The teratocarcinoma line Ntera2 has been widely used as a cell culture model for the differentiation of human neurons (Andrews, 1984; Pleasure et al., 1992). Upon treatment with retinoic acid (RA), NT2 cells (Ntera2/clone D1) can be induced to differentiate into fully functional, postmitotic neurons, which display a variety of neurotransmitter phenotypes (Guillemain et al., 2000; Podrygajlo et al., 2009a). A caveat of the NT2 system, the lengthy differentiation process (up to 2 months) needed to generate and to purify postmitotic neurons, has been successfully overcome. Because a high concentration of RA, together with the influence of cell–cell adhesion in freely floating aggregates, facilitates neurogenesis (Pardo and Honegger, 2000), our lab developed a novel cell aggregate method for NT2 neuron differentiation (Paquet-Durand et al., 2003). This method, in comparison to the classical differentiation in surface attached monolayer culture (Pleasure et al., 1992), significantly shortens the differentiation process to only 1 month. Meanwhile, these rapidly generated postmitotic neurons have been used in the pathophysiological analysis of brain cell injury and neuroprotection (Paquet-Durand and Bicker, 2004; Paquet-Durand et al., 2006; Pistritto et al., 2009).
Numerous transplantation studies have demonstrated the successful grafting of NT2 neurons into rodent brains, including studies of animal models of Parkinson's disease, amyotrophic lateral sclerosis, traumatic brain injury, and stroke (Iacovitti et al., 2001; Garbuzova-Davis et al., 2002; Zhang et al., 2005; Hara et al., 2007). The effectiveness of NT2 neuron grafts in promoting behavioral recovery in animal stroke models together with the absence of tumorigenicity eventually led to a successful clinical trial using transplantation of NT2 neurons into human stroke patients (Kondziolka et al., 2000; Nelson et al., 2002).
There is growing interest in the study of inductive interactions and differentiation processes in the development of human neuronal progenitor cells. Because the differentiation of NT2 neurons in cell culture follows a pattern of differential gene expression similar to that of neural precursors during neurogenesis (Przyborski et al., 2003), the NT2 cell culture system may be a useful approach to study cellular mechanism of early human neural development. So far, transplantation studies into host neural tissue have, however, been limited to adult or neonatal experimental animals. Thus, we considered to establish a vertebrate embryonic animal model as a host for the developing NT2 neurons. The chick embryo is a well-characterized and easily accessible experimental system for developmental biology, because many surgical manipulations can be readily carried out in ovo, and novel molecular techniques for gain and loss-of-function analysis are currently being improved (Stern, 2005). Several studies have shown that mammalian cells and tissues transplanted to avian embryos can respond to local cues and develop into tissues appropriate to their location in the host (i.e., Fontaine-Perus et al., 1997; White and Anderson, 1999; Goldstein et al., 2002). The advantage of using the chick embryo rather than rodents is the ability to follow human neuronal cell development in early embryonic environment, as opposed to the more mature nervous tissue accessible in rodents.
Using our cell aggregate method for neuronal differentiation, we have recently shown that a major subset of the NT2 neurons shows immunoreactivity to choline acetyltransferase, vesicular acetylcholine transporter, and the nonphosphorylated form of neurofilament H (Podrygajlo et al., 2009a), all indicative of a motoneuronal cell phenotype. To test whether NT2 neurons exhibit aspects of motoneuronal morphology in vivo, we grafted NT2 cells into embryonic chick CNS.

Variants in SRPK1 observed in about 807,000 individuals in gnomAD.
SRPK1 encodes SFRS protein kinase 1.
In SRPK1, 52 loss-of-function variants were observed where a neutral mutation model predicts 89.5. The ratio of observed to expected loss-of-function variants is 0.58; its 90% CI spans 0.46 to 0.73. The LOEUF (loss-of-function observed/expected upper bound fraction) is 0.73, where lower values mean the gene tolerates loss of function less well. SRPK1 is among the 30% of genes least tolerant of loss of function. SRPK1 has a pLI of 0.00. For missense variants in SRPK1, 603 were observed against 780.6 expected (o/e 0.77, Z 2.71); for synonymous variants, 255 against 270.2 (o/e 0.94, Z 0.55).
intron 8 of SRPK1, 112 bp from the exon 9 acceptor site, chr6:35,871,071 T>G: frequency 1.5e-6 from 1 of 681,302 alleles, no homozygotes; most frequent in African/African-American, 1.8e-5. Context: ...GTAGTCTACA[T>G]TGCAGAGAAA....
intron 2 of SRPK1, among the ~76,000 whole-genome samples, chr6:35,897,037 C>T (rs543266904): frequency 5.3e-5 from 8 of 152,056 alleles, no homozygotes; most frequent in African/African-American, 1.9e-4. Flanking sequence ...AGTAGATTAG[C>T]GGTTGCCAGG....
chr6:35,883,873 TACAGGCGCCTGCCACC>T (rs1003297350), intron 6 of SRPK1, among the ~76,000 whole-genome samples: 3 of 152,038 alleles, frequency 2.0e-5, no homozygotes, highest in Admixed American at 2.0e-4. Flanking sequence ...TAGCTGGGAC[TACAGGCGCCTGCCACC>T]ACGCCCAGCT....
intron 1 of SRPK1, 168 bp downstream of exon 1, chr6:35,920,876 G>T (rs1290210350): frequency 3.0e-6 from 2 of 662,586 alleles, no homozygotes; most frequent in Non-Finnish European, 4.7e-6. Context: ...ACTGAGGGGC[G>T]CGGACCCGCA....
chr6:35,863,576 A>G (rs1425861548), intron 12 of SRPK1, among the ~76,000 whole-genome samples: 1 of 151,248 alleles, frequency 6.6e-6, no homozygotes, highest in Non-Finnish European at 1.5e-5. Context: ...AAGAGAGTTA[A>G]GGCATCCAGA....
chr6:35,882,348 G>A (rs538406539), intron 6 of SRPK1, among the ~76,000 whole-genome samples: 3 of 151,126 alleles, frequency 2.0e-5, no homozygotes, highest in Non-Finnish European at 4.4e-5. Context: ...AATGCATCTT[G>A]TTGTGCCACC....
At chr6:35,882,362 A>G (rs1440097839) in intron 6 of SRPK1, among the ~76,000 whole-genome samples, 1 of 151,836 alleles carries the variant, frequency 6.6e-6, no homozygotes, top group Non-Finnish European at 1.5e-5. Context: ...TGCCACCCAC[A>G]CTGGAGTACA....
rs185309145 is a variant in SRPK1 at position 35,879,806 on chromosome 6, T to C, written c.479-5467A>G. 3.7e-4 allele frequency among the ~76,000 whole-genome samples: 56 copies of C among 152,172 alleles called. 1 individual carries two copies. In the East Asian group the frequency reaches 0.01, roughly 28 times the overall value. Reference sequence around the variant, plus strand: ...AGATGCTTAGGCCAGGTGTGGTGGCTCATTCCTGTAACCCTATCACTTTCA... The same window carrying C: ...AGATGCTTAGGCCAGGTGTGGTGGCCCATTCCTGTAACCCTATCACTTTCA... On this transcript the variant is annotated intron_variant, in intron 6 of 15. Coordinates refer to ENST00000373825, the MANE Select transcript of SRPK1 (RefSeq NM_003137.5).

In this study, we examined first the in vitro cellular distribution of synaptic markers such as synapsin and α-bungarotoxin in co-cultures of NT2 neurons with myotubes. Then, we tested whether NT2 neurons survive, integrate and extend axons in the embryonic environment of the chick spinal cord. Finally, we compared the integration of NT2 precursor cells and differentiating neurons transplanted into the avian neural tube with grafts into brain tissue.
Coculture of Human NT2 Neurons With Mouse Myotubes
When seeded on a poly-D-lysine/Matrigel coated surface, dispersed neuronal NT2 cell bodies tend to aggregate and form ganglion-like cell clusters that are interconnected by long fiber bundles (Paquet-Durand et al., 2003; Podrygajlo et al., 2009a). Here, we cultured the NT2 neurons together with differentiated mouse myotubes (MT) and found striking differences in culture morphology. The dispersed neuronal cell bodies did not form aggregates and extended process that often spread in parallel to the spindle-shaped myotubes. Occasionally, we observed that the Tau-1–immunoreactive axonal processes (Fig. 1A,C) expressed a high intensity of synapsin staining (Fig. 1A) on the surface of myotubes (Fig. 1B), which is indicative of the formation of synaptic contacts. In some axonal fibers that connected to the mouse myotube, we detected immunostaining for choline acetyltransferase (ChAT; Fig. 1D) in the terminal branches. The majority of NT2 neurons displayed long neurites which stained with the SMI32 antibody against nonphosphorylated neurofilament H (Fig. 1E,F), indicating motoneuron characteristic (Tsang et al., 2000). As a specific marker for nicotinic cholinergic transmission, the axonal terminal arborizations on the myotube were aligned with α-bungarotoxin labeling (Fig. 1E,F).